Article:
Hartke - The Ascent of the Equestrian in a Balloon
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Label: Boston Modern Orchestra Project
Cat No: BMOP1052
Number of Discs: 1
Release Date: 9th June 2017
WorksA Brandenburg Autumn
Alvorada: Three Madrigals for string orchestra
Muse of the Missouri
The Ascent of the Equestrian in a Balloon
ArtistsBoston Modern Orchestra Project
60s and 70s, the heyday of High Modernism both of the post-Webernian sort and the Cage school — I wrestled with the paradox of the innate conservatism of the avant garde and wondered why, if Schoenberg had won our musical freedom by emancipating dissonance, we young aspiring composers were given to understand that one simply did not write tonally anymore. While much music of that era was tremendously exciting and liberating—I was especially a fan of Ligeti, Messiaen, and, at that time, even Carter—it could also be terribly reductive: texture and gesture came to supplant motif, which itself had already pushed aside theme and melody. The emergence of Minimalism as a potent new approach effectively emancipated consonance, but it is, of course, just as reductive, and hence has never tempted me. Instead, since the mid-70s, I have been asking myself the question “what is melody for me?” I began tapping into my experiences as a choral singer, especially of early music, as well as listening to how melody is conceived and elaborated in jazz and in non-Western musics.
The first movement of Alvorada (1983) was a breakthrough for me: a piece centered on the elaboration of a broad six-measure theme that alternates with variants of itself rather in the manner of medieval lyric poetry. The passages of two- and three-part polyphony are constructed over this same melody, making reference to medieval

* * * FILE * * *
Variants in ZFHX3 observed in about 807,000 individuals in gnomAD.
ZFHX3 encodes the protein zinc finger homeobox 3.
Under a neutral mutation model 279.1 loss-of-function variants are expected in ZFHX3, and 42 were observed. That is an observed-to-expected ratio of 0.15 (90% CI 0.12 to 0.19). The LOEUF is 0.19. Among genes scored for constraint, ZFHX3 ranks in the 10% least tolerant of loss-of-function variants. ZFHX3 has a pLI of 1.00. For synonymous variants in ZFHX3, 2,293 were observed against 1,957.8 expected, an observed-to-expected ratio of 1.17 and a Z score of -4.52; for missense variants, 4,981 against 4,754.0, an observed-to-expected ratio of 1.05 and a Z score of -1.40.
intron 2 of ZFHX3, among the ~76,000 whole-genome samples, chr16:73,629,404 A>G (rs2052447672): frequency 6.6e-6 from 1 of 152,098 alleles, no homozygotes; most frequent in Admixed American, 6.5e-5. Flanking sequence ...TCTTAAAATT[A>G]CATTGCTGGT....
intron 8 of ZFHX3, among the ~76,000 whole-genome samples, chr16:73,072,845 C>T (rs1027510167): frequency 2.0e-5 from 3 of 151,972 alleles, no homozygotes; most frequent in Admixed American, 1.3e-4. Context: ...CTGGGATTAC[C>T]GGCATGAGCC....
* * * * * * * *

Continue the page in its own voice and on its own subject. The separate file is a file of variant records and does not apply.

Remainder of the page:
cantus firmus composition. All told, the melody appears nine times, varied in its rhythm and metrical stresses.
Another preoccupation over these many years has been the issue of variety of affect. I’ve always marveled at the interplay of emotional states in pieces such as Beethoven’s Eroica: the heroic and then the funereal juxtaposed with the rustic and witty. I also have found the music of Ives inspiring in this same way, often contrasting the contemplative and the descriptive, the exalted and the comical, aggression and tenderness. My four-movement piece A Brandenburg Autumn (2006), apart from being a nod to the Baroque concerto grosso, is a study both in depiction and in emotional contrast. The first movement is an evocation of a lakeside (the Wannsee in Berlin), the second a dinnertime discussion among scholars at the American Academy in Berlin, the third a stroll through the parks of Potsdam on a somber Autumn day, and the last a celebration motivated in part by having the wonderful (and rare) opportunity to write for three English horns.
The two shorter pieces are scored for the largest forces and both were intended as celebrations as well. The Ascent of the Equestrian in a Balloon (1995)was composed in honor of our son Sandy’s second birthday, hencethe spirit of play and energy in its deliberately Ives-like layering. The most recent piece, Muse of the Missouri (2012), takes its name from one of the many fountains of which Kansas City is so justly proud. Again,melodic unfolding is given primacy of place as a representation of the river itself and as something of a love-song to a city where I have many dear friends.
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